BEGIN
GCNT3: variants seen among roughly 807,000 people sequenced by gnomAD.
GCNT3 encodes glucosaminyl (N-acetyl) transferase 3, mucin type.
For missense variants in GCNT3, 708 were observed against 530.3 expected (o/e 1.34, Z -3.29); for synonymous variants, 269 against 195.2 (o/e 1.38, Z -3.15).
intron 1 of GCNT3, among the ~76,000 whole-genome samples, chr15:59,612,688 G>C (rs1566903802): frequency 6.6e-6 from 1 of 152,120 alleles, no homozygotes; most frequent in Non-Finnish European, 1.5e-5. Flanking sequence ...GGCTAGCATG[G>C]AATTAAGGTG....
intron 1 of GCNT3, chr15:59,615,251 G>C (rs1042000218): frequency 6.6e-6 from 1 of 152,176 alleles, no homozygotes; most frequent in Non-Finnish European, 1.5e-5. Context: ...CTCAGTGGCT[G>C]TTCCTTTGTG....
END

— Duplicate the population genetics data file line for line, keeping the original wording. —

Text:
GCNT3: variants seen among roughly 807,000 people sequenced by gnomAD.
GCNT3 encodes glucosaminyl (N-acetyl) transferase 3, mucin type.
For missense variants in GCNT3, 708 were observed against 530.3 expected (o/e 1.34, Z -3.29); for synonymous variants, 269 against 195.2 (o/e 1.38, Z -3.15).
intron 1 of GCNT3, among the ~76,000 whole-genome samples, chr15:59,612,688 G>C (rs1566903802): frequency 6.6e-6 from 1 of 152,120 alleles, no homozygotes; most frequent in Non-Finnish European, 1.5e-5. Flanking sequence ...GGCTAGCATG[G>C]AATTAAGGTG....
intron 1 of GCNT3, chr15:59,615,251 G>C (rs1042000218): frequency 6.6e-6 from 1 of 152,176 alleles, no homozygotes; most frequent in Non-Finnish European, 1.5e-5. Context: ...CTCAGTGGCT[G>C]TTCCTTTGTG....